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Director's Column

PLSJC Director Alan Hall writes a weekly column discussing library and community news, history, and other interesting subjects.

Library Organizational Meeting

By Alan Hall, Director, PLSJ
Publish Date - Sunday, February 01, 2009

Each January, the Board of Trustees of the Public Library of Steubenville and Jefferson County starts a new year with an Organizational Meeting to elect officers and establish a new budget for the fiscal year.

 

This year marked the 109th such meeting of the Board, since the first meeting was held on October 1, 1899 establishing the Carnegie Library of Steubenville.

 

That first meeting was for the purpose of purchasing property at 4th and Slack Streets as the site for the new library, and receiving the first check from Andrew Carnegie to fund the construction of that building.

 

Over the years, various notable events surrounded the Organizational Meeting of the Board, from the establishment of a countywide library system in 1936 to a contract for automation of the library system in 1987.

 

The 2009 Organizational Meeting was notable in a way that is unfortunate.

 

The budget for fiscal year 2009 was reduced for the third time since the Ohio Department of Taxation first estimated the "next year's budget" on July 20, 2008.

 

This means that the library's income from the Public Library Fund has been reduced by $ 268,000, which is the largest dollar amount and percentage that the library budget has been reduced since 1934.

 

The Fund was frozen from 2002 to 2007, with two reductions done to help balance the state budget.

 

In 2008, the Fund was finally unfrozen and allowed to grow, but the economic downturn caused the Fund to remain about the same.

 

There were no cuts made in the Public Library Fund in 2009, but since the fund receives 2.2 percent of all state revenues, the downturn in those revenues has impacted the Fund to a ten percent reduction.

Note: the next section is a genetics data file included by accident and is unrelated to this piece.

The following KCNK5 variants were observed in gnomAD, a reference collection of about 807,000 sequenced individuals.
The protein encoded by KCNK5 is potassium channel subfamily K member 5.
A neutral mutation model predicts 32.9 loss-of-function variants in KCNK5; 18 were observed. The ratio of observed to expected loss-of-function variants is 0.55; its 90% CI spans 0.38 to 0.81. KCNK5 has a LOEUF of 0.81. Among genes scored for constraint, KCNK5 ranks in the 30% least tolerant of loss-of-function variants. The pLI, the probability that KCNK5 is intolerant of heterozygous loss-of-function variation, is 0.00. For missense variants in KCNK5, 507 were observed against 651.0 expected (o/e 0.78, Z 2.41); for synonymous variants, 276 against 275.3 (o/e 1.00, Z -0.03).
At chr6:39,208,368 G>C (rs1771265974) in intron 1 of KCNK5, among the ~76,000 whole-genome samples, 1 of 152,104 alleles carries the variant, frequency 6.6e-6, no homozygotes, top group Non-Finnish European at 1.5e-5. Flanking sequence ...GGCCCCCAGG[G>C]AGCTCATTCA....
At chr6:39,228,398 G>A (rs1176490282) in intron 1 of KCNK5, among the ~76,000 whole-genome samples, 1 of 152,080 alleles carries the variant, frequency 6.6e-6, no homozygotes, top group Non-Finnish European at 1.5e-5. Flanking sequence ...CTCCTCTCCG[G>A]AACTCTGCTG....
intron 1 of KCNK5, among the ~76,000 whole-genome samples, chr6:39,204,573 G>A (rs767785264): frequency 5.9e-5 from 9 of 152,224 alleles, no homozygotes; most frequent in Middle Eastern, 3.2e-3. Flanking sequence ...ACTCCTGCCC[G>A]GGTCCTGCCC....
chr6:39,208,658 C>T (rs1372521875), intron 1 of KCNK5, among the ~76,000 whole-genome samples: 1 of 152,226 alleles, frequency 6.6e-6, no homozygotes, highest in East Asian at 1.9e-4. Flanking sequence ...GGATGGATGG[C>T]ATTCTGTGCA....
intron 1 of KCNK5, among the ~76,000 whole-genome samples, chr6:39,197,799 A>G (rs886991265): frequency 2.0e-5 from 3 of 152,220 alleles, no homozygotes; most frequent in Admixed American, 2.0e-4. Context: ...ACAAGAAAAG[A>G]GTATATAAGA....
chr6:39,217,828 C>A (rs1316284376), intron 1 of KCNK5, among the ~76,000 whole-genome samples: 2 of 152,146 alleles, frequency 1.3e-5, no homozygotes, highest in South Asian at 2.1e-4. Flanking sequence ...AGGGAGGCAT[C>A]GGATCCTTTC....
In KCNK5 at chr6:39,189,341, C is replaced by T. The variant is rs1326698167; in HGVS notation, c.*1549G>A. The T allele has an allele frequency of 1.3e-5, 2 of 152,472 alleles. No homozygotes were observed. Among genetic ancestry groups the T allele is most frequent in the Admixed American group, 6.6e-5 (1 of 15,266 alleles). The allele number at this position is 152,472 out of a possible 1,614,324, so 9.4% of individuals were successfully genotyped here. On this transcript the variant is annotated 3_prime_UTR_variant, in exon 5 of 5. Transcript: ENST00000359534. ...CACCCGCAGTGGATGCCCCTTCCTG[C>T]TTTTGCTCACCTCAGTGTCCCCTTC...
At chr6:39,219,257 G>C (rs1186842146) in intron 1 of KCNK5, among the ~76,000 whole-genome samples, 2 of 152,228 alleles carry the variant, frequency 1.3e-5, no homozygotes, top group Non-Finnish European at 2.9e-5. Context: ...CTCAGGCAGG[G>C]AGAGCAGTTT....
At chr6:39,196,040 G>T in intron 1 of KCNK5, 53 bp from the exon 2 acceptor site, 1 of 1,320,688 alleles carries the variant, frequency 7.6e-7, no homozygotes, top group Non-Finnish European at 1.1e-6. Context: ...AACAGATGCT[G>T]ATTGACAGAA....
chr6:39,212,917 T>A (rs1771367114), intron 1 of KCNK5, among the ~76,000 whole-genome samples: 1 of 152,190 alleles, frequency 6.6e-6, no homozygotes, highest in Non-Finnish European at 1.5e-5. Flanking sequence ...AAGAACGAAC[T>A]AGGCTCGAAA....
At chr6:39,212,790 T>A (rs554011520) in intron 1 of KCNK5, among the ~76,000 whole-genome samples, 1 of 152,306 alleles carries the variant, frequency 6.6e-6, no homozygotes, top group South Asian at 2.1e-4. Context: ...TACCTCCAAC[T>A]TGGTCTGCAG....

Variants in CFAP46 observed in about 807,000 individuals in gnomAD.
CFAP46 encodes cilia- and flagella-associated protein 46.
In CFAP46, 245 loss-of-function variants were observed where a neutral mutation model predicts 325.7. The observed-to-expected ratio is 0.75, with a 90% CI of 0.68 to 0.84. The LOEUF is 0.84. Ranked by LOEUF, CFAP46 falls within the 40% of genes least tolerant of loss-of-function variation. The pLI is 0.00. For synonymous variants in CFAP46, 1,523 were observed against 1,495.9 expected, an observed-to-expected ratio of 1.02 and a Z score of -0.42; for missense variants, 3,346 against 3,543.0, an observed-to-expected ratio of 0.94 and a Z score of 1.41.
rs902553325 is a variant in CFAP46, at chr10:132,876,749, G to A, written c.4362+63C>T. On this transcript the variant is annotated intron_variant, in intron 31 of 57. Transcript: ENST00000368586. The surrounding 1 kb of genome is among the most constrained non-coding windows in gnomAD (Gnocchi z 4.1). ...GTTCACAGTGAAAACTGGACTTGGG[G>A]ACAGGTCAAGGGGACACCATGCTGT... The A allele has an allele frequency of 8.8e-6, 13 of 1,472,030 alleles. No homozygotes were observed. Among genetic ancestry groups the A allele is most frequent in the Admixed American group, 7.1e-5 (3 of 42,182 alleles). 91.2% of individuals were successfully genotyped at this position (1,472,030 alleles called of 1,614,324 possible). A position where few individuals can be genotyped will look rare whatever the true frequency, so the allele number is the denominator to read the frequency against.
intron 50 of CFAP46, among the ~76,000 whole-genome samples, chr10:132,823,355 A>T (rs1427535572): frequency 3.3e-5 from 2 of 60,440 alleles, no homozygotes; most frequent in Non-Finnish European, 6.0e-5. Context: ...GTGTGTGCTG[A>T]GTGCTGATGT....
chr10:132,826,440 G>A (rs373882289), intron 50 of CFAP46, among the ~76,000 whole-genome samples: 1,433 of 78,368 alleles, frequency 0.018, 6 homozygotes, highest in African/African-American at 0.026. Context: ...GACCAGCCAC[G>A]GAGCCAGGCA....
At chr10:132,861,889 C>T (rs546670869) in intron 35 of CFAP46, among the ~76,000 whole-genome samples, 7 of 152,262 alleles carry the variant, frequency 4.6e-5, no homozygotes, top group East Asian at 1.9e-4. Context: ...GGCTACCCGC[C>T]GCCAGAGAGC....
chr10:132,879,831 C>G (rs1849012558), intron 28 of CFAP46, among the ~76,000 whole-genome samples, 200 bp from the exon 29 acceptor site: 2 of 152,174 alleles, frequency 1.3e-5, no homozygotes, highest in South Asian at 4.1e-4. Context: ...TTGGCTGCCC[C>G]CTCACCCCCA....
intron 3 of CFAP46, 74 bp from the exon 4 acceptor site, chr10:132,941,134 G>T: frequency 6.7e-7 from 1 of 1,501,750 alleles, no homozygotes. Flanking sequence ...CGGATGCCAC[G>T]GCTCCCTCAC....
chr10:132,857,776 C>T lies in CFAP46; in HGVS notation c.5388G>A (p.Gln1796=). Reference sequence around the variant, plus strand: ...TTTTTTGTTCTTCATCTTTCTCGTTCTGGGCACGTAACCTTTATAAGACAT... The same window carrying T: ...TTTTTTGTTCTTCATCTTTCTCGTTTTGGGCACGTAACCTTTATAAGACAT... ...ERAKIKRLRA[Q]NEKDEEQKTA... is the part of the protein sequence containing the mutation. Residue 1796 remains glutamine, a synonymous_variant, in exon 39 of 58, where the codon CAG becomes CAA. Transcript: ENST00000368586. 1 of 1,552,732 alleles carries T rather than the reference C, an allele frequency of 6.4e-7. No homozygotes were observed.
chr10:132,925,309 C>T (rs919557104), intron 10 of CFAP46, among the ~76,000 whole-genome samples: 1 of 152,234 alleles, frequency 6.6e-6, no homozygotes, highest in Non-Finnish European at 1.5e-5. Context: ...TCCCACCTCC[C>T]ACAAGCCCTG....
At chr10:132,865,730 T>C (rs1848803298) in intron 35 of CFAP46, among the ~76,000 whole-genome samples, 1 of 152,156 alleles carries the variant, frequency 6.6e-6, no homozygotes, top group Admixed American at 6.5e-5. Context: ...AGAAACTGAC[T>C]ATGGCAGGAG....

Like all of us in our personal budgets, the library has reworked its budget for 2009 to live within "our means."

 

Since 2002, we have been revamping our budget to deal with increasing costs in light of no increases in revenues.

 

Today, we have 10 less employees than we did in 2002.

 

Purchases are carefully evaluated in light of state contract pricing and bulk purchases.

 

Our automation system is a cooperative of 73 libraries in Ohio, with central operations using the State of Ohio communications system.

 

We utilize federal E-Rate funding to finance a portion of our telecommunication costs.

 

Purchases of new library materials are based on computer runs of requests, and the shared system allows better utilization of materials within the 73 libraries online.

 

We will be using building funds to upgrade lighting fixtures and HVAC controls to lower utility costs.

 

The library system is fortunate that our buildings have been maintained in good condition and don't require major renovation projects.

 

With the economic downturn has come an increased usage of public libraries across the nation.

 

I hope we will be able to continue to meet the needs of the public's need for information through library usage.

 

My predecessors dealt with similar issues in past years, money to pay for the coal for the boiler and a leaking roof with no funds for repair.

 

And so is the responsibility of a public institution such as the library.